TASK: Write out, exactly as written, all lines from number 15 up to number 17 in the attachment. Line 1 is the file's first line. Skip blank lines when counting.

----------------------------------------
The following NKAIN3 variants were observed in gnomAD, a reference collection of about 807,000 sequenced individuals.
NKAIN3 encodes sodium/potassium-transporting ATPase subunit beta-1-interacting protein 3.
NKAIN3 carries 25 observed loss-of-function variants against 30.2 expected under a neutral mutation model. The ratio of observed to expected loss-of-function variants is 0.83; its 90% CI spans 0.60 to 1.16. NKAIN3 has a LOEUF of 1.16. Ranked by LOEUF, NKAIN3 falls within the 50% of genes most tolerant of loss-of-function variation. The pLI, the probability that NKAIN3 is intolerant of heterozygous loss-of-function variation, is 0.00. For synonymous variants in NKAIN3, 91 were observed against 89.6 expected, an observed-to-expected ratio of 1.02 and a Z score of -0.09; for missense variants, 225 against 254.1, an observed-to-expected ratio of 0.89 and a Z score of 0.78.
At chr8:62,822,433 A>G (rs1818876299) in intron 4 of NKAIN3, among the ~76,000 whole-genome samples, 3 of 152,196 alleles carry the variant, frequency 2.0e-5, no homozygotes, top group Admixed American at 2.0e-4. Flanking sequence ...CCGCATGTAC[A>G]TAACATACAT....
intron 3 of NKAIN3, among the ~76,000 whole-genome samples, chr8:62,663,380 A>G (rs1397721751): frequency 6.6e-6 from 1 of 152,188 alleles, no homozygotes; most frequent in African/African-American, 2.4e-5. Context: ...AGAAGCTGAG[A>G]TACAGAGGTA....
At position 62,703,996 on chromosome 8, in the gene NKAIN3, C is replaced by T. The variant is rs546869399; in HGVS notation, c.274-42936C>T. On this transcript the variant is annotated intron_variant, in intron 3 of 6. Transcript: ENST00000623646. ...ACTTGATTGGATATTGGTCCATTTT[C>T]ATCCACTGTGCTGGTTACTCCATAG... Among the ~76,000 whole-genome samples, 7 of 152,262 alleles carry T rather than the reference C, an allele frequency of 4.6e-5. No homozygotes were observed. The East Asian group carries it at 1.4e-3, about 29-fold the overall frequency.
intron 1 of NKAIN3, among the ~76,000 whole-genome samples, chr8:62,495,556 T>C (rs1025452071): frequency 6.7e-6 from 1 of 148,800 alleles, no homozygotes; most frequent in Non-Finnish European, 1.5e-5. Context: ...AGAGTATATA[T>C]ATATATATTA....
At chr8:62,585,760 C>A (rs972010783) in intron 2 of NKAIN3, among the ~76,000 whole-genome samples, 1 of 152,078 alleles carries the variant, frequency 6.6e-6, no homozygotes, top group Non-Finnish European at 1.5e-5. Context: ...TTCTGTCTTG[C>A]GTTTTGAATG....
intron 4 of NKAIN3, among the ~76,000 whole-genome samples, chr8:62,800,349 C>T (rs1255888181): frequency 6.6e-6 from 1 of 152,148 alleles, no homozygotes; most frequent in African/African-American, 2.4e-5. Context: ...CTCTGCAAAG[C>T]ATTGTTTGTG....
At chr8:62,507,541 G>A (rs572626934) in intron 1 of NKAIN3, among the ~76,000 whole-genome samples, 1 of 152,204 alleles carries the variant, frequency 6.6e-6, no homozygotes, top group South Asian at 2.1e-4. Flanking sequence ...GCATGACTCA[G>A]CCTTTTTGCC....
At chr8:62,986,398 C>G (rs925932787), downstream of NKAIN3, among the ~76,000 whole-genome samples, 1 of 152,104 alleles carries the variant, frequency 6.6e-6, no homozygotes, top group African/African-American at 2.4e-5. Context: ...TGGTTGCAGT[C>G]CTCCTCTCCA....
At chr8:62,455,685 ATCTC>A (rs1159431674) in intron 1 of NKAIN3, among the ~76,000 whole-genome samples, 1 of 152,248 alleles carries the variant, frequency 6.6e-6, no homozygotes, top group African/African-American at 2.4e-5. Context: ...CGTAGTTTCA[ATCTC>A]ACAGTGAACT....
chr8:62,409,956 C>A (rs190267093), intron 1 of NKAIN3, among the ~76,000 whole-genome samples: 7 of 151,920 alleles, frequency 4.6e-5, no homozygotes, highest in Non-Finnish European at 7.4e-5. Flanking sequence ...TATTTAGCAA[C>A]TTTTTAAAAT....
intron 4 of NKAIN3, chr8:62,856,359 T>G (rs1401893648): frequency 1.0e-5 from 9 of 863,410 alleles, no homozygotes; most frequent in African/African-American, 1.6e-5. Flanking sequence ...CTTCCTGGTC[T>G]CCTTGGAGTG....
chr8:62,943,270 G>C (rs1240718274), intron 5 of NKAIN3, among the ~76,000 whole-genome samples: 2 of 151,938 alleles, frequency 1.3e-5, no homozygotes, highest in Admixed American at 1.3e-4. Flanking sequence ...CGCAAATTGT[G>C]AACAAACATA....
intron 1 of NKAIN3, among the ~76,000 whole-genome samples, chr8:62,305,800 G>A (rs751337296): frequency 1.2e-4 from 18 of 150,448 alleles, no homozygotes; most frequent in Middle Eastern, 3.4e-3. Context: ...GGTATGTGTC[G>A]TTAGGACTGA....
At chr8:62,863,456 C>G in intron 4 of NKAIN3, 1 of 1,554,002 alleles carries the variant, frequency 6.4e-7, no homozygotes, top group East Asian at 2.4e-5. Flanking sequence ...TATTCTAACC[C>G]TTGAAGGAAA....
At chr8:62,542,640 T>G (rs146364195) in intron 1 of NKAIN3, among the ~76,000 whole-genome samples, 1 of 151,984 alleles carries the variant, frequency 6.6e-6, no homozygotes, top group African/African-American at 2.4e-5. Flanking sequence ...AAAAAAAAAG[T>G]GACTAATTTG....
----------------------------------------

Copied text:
chr8:62,943,270 G>C (rs1240718274), intron 5 of NKAIN3, among the ~76,000 whole-genome samples: 2 of 151,938 alleles, frequency 1.3e-5, no homozygotes, highest in Admixed American at 1.3e-4. Flanking sequence ...CGCAAATTGT[G>C]AACAAACATA....
intron 1 of NKAIN3, among the ~76,000 whole-genome samples, chr8:62,305,800 G>A (rs751337296): frequency 1.2e-4 from 18 of 150,448 alleles, no homozygotes; most frequent in Middle Eastern, 3.4e-3. Context: ...GGTATGTGTC[G>A]TTAGGACTGA....
At chr8:62,863,456 C>G in intron 4 of NKAIN3, 1 of 1,554,002 alleles carries the variant, frequency 6.4e-7, no homozygotes, top group East Asian at 2.4e-5. Flanking sequence ...TATTCTAACC[C>G]TTGAAGGAAA....